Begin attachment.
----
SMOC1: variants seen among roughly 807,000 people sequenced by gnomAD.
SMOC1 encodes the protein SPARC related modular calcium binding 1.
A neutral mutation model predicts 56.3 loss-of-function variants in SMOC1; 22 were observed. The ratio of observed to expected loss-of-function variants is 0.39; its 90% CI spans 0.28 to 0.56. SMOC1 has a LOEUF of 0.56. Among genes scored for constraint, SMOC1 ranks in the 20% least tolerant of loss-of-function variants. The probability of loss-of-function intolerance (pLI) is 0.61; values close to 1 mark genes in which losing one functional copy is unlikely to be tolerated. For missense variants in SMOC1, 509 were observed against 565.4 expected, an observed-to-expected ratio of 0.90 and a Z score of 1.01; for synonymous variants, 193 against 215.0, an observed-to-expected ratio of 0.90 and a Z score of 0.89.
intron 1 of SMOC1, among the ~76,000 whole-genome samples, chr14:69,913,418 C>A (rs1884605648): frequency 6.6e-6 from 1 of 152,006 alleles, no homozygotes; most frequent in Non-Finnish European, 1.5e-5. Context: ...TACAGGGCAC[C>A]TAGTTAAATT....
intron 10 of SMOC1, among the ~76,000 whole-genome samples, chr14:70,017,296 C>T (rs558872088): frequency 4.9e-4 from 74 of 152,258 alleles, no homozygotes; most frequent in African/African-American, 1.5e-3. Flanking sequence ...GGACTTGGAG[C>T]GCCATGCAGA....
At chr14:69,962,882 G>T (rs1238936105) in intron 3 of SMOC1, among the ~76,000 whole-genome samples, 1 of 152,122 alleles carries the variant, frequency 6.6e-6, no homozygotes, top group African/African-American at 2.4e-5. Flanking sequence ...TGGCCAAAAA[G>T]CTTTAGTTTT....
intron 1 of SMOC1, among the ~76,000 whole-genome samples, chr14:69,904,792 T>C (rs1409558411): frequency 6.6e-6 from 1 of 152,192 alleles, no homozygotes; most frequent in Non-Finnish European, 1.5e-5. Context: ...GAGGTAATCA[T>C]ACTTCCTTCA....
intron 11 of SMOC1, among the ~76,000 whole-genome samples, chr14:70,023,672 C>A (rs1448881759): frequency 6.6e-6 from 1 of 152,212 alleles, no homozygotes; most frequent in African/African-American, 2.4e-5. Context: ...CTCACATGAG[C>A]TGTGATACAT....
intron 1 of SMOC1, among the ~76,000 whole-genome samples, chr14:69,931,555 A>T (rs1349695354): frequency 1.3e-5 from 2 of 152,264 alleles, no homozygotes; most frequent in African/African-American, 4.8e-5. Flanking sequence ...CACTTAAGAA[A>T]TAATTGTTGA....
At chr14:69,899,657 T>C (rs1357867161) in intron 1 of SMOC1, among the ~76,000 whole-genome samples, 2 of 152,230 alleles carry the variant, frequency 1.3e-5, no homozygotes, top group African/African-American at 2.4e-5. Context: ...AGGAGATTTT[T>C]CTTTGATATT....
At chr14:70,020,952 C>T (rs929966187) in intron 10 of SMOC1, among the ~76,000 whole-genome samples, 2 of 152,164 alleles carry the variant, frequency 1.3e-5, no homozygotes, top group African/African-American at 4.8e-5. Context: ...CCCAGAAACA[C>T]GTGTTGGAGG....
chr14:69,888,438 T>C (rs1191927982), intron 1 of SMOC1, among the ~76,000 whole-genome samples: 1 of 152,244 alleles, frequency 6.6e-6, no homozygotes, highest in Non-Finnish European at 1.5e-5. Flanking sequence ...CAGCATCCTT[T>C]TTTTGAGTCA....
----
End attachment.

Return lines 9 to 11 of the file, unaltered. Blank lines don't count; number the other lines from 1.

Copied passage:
intron 1 of SMOC1, among the ~76,000 whole-genome samples, chr14:69,931,555 A>T (rs1349695354): frequency 1.3e-5 from 2 of 152,264 alleles, no homozygotes; most frequent in African/African-American, 4.8e-5. Flanking sequence ...CACTTAAGAA[A>T]TAATTGTTGA....
At chr14:69,899,657 T>C (rs1357867161) in intron 1 of SMOC1, among the ~76,000 whole-genome samples, 2 of 152,230 alleles carry the variant, frequency 1.3e-5, no homozygotes, top group African/African-American at 2.4e-5. Context: ...AGGAGATTTT[T>C]CTTTGATATT....
At chr14:70,020,952 C>T (rs929966187) in intron 10 of SMOC1, among the ~76,000 whole-genome samples, 2 of 152,164 alleles carry the variant, frequency 1.3e-5, no homozygotes, top group African/African-American at 4.8e-5. Context: ...CCCAGAAACA[C>T]GTGTTGGAGG....